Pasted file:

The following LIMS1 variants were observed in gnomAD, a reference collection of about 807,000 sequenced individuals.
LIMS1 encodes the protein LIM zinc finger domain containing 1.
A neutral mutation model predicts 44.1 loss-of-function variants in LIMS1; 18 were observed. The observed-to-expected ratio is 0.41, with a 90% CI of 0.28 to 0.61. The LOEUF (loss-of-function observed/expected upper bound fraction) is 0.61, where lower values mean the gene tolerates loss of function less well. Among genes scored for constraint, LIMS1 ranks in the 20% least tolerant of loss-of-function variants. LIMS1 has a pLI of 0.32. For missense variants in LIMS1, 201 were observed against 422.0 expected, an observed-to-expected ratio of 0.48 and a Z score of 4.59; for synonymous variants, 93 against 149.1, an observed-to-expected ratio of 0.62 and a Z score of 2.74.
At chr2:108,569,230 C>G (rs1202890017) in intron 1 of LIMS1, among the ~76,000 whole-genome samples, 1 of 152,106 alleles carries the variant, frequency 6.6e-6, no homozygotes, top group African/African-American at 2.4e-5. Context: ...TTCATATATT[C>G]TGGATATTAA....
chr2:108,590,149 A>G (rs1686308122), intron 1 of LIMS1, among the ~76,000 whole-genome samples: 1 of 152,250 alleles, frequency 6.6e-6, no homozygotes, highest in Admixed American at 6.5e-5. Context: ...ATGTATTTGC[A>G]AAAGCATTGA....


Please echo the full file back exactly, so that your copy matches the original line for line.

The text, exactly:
The following LIMS1 variants were observed in gnomAD, a reference collection of about 807,000 sequenced individuals.
LIMS1 encodes the protein LIM zinc finger domain containing 1.
A neutral mutation model predicts 44.1 loss-of-function variants in LIMS1; 18 were observed. The observed-to-expected ratio is 0.41, with a 90% CI of 0.28 to 0.61. The LOEUF (loss-of-function observed/expected upper bound fraction) is 0.61, where lower values mean the gene tolerates loss of function less well. Among genes scored for constraint, LIMS1 ranks in the 20% least tolerant of loss-of-function variants. LIMS1 has a pLI of 0.32. For missense variants in LIMS1, 201 were observed against 422.0 expected, an observed-to-expected ratio of 0.48 and a Z score of 4.59; for synonymous variants, 93 against 149.1, an observed-to-expected ratio of 0.62 and a Z score of 2.74.
At chr2:108,569,230 C>G (rs1202890017) in intron 1 of LIMS1, among the ~76,000 whole-genome samples, 1 of 152,106 alleles carries the variant, frequency 6.6e-6, no homozygotes, top group African/African-American at 2.4e-5. Context: ...TTCATATATT[C>G]TGGATATTAA....
chr2:108,590,149 A>G (rs1686308122), intron 1 of LIMS1, among the ~76,000 whole-genome samples: 1 of 152,250 alleles, frequency 6.6e-6, no homozygotes, highest in Admixed American at 6.5e-5. Context: ...ATGTATTTGC[A>G]AAAGCATTGA....